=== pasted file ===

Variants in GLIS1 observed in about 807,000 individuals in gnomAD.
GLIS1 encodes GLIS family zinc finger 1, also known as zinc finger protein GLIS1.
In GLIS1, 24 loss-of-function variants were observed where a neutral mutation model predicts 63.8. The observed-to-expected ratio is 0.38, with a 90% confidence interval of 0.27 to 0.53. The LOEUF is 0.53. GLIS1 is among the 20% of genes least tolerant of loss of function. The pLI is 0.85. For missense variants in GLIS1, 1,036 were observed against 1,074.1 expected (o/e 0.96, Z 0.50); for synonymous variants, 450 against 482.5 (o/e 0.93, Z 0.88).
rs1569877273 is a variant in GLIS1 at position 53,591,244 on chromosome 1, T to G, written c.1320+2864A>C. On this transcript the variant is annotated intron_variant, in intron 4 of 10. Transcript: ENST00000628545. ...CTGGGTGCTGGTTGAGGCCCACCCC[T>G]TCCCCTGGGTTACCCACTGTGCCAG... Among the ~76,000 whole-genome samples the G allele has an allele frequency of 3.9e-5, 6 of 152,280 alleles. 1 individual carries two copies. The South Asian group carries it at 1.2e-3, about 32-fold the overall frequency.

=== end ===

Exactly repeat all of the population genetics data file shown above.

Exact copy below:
Variants in GLIS1 observed in about 807,000 individuals in gnomAD.
GLIS1 encodes GLIS family zinc finger 1, also known as zinc finger protein GLIS1.
In GLIS1, 24 loss-of-function variants were observed where a neutral mutation model predicts 63.8. The observed-to-expected ratio is 0.38, with a 90% confidence interval of 0.27 to 0.53. The LOEUF is 0.53. GLIS1 is among the 20% of genes least tolerant of loss of function. The pLI is 0.85. For missense variants in GLIS1, 1,036 were observed against 1,074.1 expected (o/e 0.96, Z 0.50); for synonymous variants, 450 against 482.5 (o/e 0.93, Z 0.88).
rs1569877273 is a variant in GLIS1 at position 53,591,244 on chromosome 1, T to G, written c.1320+2864A>C. On this transcript the variant is annotated intron_variant, in intron 4 of 10. Transcript: ENST00000628545. ...CTGGGTGCTGGTTGAGGCCCACCCC[T>G]TCCCCTGGGTTACCCACTGTGCCAG... Among the ~76,000 whole-genome samples the G allele has an allele frequency of 3.9e-5, 6 of 152,280 alleles. 1 individual carries two copies. The South Asian group carries it at 1.2e-3, about 32-fold the overall frequency.